It was my claim that description and definition are both forms of re-presentation and it seemed like you disagreed and it seemed like your position was that definition is not a kind of re-presentation. If what is seen cannot be understood in the self-same moment, then what is understanding if not a re-presentation of an experience that could not be comprehended in continuity with its being experienced?

I think I agree with everything that you just said. Definition is a concept, a triangulation of resolution, fidelity and latency. That’s all conceptual, theoretical, a model, a mental geometry, and what it attempts to describe is the procedure of phenomenological experience. When you’re seeing something, you’re not thinking about the resolution and the fidelity and the latency, and yet those are the metrics of intense identification, of applying the framework we mentioned earlier. Description is the iteration of that experience into a communicable form, which is why it’s representational. These descriptions of representations are produced as artifacts and the accumulation and organization of those artifacts, both theoretically and physically, amounts to culture. Culture is the crucible of knowledge.

I now understand why my opposition of description and definition didn’t seem to work. I think that we’re using definition in different ways. If I’m understanding you correctly, definition as the procedure of phenomenological experience is the substrate from which descriptive gestures or practices would then be made and description is the communicable form of whatever we agree is the procedure of the experiences of definition.

I’m lingering on your use of the word substrate. What I don’t want to do is present it as a de facto, a priori, natural materiality in itself. Definition is certainly very much a form of conceptual instrumentation. I’m rooting myself within the very optico-centric bias I’m trying to see my way out of, inherited by the Cartesian mind-body-problem, Copernican mechanistic universe, of instrumentalizing our own percepts. Admitting the paradox that I’ve wrapped myself up in, I would say that this concept of definition is the variable for understanding the mechanism of the optics of our eye as it renders the world into information. Description utilizes the data that’s generated from our phenomenological experience and we can make sense of that stewing miasma of data by imposing constraints. It’s not the miasma, it’s not the substrate itself, in the self-same moment.

Let me make it like a tiny bit more messy, just for fun, and then we can stop drowning.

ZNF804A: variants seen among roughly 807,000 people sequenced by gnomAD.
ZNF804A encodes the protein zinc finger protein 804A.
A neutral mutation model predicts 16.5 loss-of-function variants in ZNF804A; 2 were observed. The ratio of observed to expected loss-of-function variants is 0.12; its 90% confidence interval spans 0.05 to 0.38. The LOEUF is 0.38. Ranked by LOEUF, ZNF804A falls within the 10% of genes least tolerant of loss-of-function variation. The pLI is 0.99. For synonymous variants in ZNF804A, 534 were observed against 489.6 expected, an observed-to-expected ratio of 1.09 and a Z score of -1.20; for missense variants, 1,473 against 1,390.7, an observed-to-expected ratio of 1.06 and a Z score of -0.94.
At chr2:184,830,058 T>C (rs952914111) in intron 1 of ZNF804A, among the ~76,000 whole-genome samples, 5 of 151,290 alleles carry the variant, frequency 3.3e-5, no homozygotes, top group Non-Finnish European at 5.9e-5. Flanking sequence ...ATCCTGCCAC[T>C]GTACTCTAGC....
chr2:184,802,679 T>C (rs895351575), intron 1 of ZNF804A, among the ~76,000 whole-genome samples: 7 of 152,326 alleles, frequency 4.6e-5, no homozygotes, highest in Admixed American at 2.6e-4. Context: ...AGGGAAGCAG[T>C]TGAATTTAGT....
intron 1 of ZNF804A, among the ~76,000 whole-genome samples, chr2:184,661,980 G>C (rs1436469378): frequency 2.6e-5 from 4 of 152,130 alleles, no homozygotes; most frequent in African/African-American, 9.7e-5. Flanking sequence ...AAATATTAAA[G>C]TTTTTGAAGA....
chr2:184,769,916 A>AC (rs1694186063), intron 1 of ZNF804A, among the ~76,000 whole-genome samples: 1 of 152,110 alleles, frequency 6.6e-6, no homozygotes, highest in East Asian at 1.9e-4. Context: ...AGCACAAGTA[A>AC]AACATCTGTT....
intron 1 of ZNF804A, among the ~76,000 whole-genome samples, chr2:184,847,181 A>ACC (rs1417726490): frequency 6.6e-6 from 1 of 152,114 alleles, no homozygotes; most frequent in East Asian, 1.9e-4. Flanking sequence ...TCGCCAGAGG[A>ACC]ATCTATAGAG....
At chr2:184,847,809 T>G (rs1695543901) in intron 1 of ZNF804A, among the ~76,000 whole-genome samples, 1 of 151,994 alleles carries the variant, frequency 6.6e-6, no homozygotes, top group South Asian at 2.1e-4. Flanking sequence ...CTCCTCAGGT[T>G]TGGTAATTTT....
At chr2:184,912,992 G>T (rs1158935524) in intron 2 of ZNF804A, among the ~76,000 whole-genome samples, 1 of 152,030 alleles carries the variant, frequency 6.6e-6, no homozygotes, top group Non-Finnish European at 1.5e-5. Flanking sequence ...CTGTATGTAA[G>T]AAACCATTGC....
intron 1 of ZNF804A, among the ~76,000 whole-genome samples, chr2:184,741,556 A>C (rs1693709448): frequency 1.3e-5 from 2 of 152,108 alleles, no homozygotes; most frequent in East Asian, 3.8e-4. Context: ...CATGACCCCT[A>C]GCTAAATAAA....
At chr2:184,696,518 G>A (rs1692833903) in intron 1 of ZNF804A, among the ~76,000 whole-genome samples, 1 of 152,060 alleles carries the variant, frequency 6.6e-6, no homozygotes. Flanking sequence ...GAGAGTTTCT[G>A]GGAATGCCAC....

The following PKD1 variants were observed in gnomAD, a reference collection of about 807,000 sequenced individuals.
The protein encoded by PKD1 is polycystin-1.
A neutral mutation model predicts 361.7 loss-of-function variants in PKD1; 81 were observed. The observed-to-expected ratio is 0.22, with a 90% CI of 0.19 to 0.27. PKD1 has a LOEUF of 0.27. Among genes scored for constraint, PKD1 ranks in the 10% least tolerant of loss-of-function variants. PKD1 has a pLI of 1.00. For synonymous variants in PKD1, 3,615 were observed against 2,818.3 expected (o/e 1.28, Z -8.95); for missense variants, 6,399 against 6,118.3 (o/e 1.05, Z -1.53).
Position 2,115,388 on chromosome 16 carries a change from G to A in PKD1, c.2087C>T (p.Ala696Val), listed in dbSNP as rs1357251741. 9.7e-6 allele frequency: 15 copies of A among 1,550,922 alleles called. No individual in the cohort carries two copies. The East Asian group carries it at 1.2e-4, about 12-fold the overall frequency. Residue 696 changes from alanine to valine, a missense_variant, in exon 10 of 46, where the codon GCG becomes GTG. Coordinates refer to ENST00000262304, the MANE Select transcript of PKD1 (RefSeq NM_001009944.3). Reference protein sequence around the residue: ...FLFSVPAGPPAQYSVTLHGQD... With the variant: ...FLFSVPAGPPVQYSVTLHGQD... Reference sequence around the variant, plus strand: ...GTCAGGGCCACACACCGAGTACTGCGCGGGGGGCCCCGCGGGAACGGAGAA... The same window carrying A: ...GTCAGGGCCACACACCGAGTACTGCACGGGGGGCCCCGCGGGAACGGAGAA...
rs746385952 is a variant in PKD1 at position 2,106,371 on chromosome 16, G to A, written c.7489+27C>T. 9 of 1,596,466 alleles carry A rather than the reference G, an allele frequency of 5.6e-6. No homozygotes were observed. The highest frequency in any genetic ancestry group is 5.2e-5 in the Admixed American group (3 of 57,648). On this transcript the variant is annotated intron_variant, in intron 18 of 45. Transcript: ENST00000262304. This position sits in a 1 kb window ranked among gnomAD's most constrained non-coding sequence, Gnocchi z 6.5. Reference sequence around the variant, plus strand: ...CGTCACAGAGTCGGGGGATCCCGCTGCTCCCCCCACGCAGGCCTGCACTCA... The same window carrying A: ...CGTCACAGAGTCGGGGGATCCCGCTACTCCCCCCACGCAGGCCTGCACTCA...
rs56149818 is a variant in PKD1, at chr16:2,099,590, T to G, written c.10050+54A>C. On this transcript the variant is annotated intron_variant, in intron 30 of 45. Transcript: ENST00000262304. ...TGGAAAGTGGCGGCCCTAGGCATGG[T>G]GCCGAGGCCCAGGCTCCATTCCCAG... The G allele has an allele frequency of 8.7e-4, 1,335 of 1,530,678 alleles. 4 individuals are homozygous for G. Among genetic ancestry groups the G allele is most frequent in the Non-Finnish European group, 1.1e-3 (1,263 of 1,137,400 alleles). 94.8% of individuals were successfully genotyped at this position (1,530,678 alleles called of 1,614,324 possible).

I’m game.

I’m looking at a book that I adore by William Gass called On Being Blue and it’s making me think about certain people that lack the word for the color blue. In the Odyssey or the* Iliad* we get the wine-dark sea; we get all of these other forms of description for the color blue. To what extent does a lack of descriptive resources change what one is capable of seeing or not seeing? The way I’m thinking about description and definition is as two really broad genres of utterance. Definition is a stand-in for concept mania, my cheeky way of thinking about philosophical and scientific culture. It belongs to a dialectic. It’s not the case that we can or should exorcize conceptual thinking and conceptual language; it’s absolutely integral to the human form of life as we know it, for now at least, and so even if it was desirable it wouldn’t be possible. Within our culture there has been an over-cultivation of definitional capacities, concept-making kinds of capacities, at the expense of something that I’m calling description. It’s an over-developed muscle for simplifying and reducing phenomena so that it fits conceptual or definitional contours, at the expense of the struggle for descriptive language that might attend more faithfully to phenomena.

How does this help you understand the DeathGuild project?

I think I have a way of getting back to that, but it will seem like a detour for a second. Are you familiar with Hannah Arendt? Have you read this text, Eichmann in Jerusalem? It’s basically a series of pieces that Arendt was commissioned to write for The New Yorker in which she covered the trial of the Nazi, Eichmann, who was kidnapped from Argentina and taken to a tribunal. The series of reports that were published in *The New Yorker *were compiled into a book. This text is a really beautiful example of the preoccupation I have with description over definition and I think is a great way of relating this problem to questions of genre.

Hannah Arendt is a trained philosopher and within philosophical culture there’s a long standing tradition of asking about evil, trying to figure out what evil is and trying to define evil or reframe the problem of evil. Arendt goes into a pretty exceptional legal context in which Eichmann is being tried in Israel and she’s pretty cynical about it. For her, it’s a show trial that has a lot more to do with establishing the State of Israel than it does with doling out something that we could consider to be justice. Part of what makes it such a captivating work for me is that Arendt enters the courtroom without any legible professional obligation. She’s not one of the judges, she’s not playing any role in the proceedings, except to witness and observe them. As an observer, or witness, she brings to the proceedings the rigorous conceptual training that she received as a philosopher. You see all these instances in the text where she has a capacity to experience the phenomenon of Eichmann being on trial without any particular institutional language. She had a command of all of the different languages that were being spoken in the courtroom; she wrote in English, she could understand the proceedings conducted in Yiddish, Eichmann spoke German, and there was a translation in French, so she was able to observe all of the ironies that were happening beneath the surface inaccessible to an observer that spoke a single language.